On Sunday night, Hollywood gathered for the 73rd Emmy Awards presentation. Headed into the night, Ted Lasso had already set records for a freshman comedy series, with 20 nominations. That's really quite remarkable when you consider almost no one had any idea what the show was about when it first arrived. The premise, itself, seemed pretty absurd. How do you make a show about a character from an eight-year-old commercial?
Actually, the idea that Apple was launching a streaming video service seemed, well, absurd. When Apple TV+ launched two years ago, almost no one took it seriously. It had a handful of good shows, but a handful of shows isn't what makes a streaming service successful. It certainly isn't what it takes to compete with Netflix or Disney+, the latter of which launched within a week of Apple's version.
Then, late last year--in the middle of a pandemic--came a quirky show about an American football coach hired to manage an English football club, despite knowing nothing about the sport we call soccer. It was an almost instant hit. The show is funny and, at a time when we all needed it, a breath of fresh air and hope.
Suddenly, Ted Lasso started showing up everywhere. Ted showed up to announce the Women's National Team Olympic roster. His secret shortbread recipe made an appearance during an Apple keynote event. And then came the award nominations. In the case of the Emmy's, 20 nominations, a record for a freshman comedy.
Winning Best Actor in a Comedy Series, Jason Sudeikis, who plays Ted Lasso, gave a heartfelt acceptance speech that everyone should watch.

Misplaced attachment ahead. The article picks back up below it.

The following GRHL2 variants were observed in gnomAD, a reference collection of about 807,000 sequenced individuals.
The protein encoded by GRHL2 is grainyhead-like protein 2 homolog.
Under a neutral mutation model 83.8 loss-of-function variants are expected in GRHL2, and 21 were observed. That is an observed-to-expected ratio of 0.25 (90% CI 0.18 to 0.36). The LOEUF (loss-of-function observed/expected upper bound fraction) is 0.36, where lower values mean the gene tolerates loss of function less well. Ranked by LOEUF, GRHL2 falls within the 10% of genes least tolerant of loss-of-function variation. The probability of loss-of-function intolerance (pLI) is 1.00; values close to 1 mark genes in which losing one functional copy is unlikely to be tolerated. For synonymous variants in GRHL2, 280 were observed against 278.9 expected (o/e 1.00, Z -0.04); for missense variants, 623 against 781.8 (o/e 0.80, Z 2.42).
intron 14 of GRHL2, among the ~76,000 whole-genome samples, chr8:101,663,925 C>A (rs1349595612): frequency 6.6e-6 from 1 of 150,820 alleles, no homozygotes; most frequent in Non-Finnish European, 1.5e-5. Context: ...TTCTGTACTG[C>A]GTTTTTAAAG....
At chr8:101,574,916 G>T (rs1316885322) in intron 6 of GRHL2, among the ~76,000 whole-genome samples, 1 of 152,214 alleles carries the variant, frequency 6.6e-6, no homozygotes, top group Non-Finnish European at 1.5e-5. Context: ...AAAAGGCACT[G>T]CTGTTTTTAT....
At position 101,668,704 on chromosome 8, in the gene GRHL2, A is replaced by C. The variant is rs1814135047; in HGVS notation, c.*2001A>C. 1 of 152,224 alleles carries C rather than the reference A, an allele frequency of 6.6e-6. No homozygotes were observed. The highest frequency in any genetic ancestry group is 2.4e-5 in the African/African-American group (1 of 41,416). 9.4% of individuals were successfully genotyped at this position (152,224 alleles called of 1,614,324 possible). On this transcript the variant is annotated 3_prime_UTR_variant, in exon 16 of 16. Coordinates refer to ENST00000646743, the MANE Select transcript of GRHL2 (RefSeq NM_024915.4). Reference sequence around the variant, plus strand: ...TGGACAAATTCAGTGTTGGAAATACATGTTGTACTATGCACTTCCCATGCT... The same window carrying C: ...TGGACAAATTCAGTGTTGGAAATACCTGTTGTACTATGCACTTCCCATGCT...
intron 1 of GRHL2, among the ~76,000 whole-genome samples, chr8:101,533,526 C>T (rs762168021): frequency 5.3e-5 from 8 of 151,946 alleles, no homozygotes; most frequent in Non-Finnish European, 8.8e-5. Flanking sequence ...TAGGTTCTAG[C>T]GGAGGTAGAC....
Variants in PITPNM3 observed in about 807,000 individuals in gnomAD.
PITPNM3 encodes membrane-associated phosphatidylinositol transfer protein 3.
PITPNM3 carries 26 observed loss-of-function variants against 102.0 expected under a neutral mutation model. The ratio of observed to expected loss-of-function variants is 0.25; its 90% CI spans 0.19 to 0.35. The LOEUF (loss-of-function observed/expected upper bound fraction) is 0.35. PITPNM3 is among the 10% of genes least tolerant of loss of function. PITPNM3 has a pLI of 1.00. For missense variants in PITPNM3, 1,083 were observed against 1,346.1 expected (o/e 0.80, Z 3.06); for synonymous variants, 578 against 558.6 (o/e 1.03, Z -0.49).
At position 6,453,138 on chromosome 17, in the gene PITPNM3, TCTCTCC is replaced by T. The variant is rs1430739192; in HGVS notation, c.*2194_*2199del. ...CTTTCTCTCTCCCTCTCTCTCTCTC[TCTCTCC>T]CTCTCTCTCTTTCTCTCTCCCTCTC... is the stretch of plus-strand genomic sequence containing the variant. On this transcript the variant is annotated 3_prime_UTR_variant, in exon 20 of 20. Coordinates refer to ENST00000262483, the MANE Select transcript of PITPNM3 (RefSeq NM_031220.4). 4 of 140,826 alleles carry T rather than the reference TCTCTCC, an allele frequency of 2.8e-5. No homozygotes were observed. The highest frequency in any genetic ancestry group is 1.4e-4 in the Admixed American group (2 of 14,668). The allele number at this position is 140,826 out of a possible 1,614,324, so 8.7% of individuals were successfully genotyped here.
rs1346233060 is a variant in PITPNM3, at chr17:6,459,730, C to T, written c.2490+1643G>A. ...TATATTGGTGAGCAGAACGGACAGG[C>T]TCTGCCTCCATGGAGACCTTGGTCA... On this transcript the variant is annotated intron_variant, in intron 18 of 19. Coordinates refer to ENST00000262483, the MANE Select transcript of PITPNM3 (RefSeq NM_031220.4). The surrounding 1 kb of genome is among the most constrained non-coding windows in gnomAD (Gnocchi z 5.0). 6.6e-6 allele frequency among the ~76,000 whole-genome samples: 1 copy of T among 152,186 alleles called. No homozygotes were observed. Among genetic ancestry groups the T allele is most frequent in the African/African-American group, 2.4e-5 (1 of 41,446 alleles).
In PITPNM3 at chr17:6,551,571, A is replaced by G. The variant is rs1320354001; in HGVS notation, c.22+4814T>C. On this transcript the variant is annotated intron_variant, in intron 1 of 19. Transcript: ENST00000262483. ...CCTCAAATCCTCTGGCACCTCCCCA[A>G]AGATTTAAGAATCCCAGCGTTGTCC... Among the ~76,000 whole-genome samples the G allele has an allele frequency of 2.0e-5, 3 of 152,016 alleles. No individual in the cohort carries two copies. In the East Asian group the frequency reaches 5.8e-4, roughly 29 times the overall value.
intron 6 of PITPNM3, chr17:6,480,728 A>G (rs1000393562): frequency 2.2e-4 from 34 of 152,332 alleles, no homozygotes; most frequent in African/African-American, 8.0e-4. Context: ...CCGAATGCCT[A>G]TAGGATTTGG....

"This show is about family. This show is about mentors and teachers. This show is about teammates. And I wouldn't be here without those three things in my life," Sudeikis said before turning to the creative team behind the show. "I'm only as good as you guys make me look."
Usually, award acceptance speeches aren't very interesting. It's usually a celebrity thanking their family, or their agent, or people who helped them get where they are. This felt different, if for no other reason than it reminded us of the reasons we love the character in the first place.
Those last 10 words, by the way, are so good, and such a powerful reminder. "I'm only as good as you guys make me look."
Most of us can't really relate to winning an Emmy. In the case of Ted Lasso, however, we all cheer for the underdog. We can all get on board with a little bit of hope and optimism. That's why the show was so successful in the first place.
We can also relate to the idea that we're all better with a team. We're all capable of doing more with the right people beside and behind us. That's an important recognition for every leader because it can be easy to forget and think it's all about you. It isn't.
Yes, Sudeikis won an Emmy award for his performance. But Ted Lasso would have never been successful, and Sudeikis would have never been standing on the stage accepting his first Emmy award, were it not for the team of creative people behind the show.
The lesson is this: As a leader, you'll often find yourself on big stages. That's the nature of the job. You'll often find yourself accepting attention and acknowledgments for your work, and when you do, the best thing you can do is to share the stage.